Published March 16, 2012
Some people like to drink soda, others water – but for 53-year-old Carrie, she prefers to drink her own urine.
Carrie, who will be featured on Sunday’s season finale of “Strange Addictions” at 10 p.m. on TLC, said she has been addicted to drinking urine for more than 4 years.
She drinks about 80 ounces of her urine each day – sometimes by glass, sometimes using a Neti pot to drink it nasally.
“When you are nasal drinking, the pain is different than any pain you’ve experienced,” said Carrie, who lives in Colorado Springs, Colo.
Dr. Keith Ablow, a psychiatrist and contributor to Fox News Channel, who has not treated Carrie, said she is ultimately suffering from a form of Pica disorder, an umbrella term for people who eat inorganic things, like dirt or wood.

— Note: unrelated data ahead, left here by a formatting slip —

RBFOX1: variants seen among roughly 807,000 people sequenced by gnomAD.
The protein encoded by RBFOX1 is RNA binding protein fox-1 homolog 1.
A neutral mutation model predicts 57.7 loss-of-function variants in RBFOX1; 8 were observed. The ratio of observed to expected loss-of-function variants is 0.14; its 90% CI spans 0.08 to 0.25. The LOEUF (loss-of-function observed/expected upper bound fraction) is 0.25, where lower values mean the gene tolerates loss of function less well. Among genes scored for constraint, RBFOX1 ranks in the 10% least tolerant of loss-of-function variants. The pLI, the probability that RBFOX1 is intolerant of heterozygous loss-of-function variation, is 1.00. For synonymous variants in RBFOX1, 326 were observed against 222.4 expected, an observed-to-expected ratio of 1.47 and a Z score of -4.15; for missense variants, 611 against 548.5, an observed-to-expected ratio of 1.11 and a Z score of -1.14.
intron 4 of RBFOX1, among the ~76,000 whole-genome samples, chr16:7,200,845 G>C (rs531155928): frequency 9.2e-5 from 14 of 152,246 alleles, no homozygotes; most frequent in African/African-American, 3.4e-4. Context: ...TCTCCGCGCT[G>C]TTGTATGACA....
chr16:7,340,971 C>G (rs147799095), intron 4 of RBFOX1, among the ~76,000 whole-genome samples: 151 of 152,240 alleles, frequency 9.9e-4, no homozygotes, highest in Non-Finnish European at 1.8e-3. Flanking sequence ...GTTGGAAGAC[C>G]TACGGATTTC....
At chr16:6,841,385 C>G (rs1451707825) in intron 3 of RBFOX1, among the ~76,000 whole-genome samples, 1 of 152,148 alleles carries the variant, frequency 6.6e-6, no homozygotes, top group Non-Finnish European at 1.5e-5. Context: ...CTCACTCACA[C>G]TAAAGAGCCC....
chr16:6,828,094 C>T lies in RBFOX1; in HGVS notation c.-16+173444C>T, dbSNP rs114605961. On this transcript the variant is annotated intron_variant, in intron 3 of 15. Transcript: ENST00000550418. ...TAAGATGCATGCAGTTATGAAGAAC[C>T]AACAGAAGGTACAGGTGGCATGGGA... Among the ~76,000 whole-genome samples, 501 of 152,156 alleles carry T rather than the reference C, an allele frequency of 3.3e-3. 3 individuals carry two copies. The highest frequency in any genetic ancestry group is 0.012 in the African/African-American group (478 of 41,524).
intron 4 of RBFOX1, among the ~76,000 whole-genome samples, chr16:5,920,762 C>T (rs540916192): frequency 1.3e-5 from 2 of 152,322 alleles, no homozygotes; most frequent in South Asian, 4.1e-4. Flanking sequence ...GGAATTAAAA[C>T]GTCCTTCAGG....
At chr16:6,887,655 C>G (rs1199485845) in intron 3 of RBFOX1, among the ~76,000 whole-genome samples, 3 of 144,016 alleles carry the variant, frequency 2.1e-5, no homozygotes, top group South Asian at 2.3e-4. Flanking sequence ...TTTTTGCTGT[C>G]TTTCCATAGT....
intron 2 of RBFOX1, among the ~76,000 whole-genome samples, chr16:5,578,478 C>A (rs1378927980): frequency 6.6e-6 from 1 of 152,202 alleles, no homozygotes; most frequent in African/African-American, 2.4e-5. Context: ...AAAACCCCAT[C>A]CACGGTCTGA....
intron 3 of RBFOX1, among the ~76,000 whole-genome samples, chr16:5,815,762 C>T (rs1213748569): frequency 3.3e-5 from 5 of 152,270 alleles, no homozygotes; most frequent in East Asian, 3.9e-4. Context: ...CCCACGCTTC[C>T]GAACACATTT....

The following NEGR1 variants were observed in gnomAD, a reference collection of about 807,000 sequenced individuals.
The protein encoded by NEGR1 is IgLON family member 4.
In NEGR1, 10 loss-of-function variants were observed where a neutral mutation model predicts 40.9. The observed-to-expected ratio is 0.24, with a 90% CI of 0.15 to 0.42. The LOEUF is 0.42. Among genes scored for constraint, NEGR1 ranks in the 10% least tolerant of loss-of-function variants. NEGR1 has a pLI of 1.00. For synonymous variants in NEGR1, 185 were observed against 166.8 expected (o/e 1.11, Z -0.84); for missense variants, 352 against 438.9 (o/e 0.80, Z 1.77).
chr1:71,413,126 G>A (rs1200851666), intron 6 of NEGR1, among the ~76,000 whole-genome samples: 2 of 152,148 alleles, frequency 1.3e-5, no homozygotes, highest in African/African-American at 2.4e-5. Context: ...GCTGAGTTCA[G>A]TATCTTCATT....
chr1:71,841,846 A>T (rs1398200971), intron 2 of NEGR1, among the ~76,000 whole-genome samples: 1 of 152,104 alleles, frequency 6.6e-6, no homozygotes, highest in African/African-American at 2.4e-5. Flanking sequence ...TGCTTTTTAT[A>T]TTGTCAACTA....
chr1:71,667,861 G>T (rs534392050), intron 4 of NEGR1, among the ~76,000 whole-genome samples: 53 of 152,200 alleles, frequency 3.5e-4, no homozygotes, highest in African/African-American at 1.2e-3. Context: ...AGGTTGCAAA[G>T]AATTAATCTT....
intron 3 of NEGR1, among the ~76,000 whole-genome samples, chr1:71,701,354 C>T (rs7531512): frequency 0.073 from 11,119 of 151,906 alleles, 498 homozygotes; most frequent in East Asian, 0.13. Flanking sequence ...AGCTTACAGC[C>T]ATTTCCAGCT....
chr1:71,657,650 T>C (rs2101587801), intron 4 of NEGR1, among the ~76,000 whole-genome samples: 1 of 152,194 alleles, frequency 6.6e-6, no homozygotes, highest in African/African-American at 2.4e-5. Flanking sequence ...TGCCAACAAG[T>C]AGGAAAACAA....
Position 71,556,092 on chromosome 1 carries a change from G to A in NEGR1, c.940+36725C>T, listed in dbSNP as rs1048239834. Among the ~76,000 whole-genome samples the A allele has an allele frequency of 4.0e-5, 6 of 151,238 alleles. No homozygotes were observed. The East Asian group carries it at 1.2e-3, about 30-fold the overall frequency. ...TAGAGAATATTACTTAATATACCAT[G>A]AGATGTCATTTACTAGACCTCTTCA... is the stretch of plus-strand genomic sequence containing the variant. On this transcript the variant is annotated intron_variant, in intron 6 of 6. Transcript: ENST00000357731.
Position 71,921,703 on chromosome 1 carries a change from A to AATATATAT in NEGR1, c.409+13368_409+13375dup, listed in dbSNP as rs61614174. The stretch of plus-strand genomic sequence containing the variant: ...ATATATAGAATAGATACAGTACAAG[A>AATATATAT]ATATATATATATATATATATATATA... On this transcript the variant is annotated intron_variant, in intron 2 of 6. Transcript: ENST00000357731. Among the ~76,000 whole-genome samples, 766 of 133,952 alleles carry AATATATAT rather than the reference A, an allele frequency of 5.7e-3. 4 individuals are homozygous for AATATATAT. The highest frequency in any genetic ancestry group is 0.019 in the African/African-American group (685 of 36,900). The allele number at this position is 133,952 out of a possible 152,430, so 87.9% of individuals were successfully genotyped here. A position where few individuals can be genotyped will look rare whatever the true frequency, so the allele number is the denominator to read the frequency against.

“I think what this women is describing is really a form of obsessive compulsive disorder, where she has a compulsion to do something that has nothing to do with nutrition and that she probably thinks about a good deal of the time in an obsessive way,” Ablow said.
Carrie said most people in her life don’t know about her addiction, but in Sunday’s episode, she will tell her friend Denise.
“I drink almost all the urine that comes out of my body,” Carrie said in the trailer.
“All of it?” Denise asked.
“It tastes like water for me,” Carrie responded, adding she will put the urine in her eyes, use it to brush her teeth and save it to rub aged urine on her skin.
Ablow said that Carrie is likely addicted to drinking to her urine because it allows her to not think about the stressful things in her life.
“(Pica) has been linked to lots of things, like parental neglect and disorganized families,” Ablow said. “(Drinking urine) shows a real failure shows a real failure between what represents you as an individual and what represents waste products to be discarded – she probably has guilt over ridding herself of her bodily functions.”
Ablow said he had a patient who used to repeatedly inject herself with dirt and would present to the hospital with infections. Ablow discovered the woman felt ‘soiled’ because of previous sexual abuse. Antibiotics and therapy was helpful in treating her.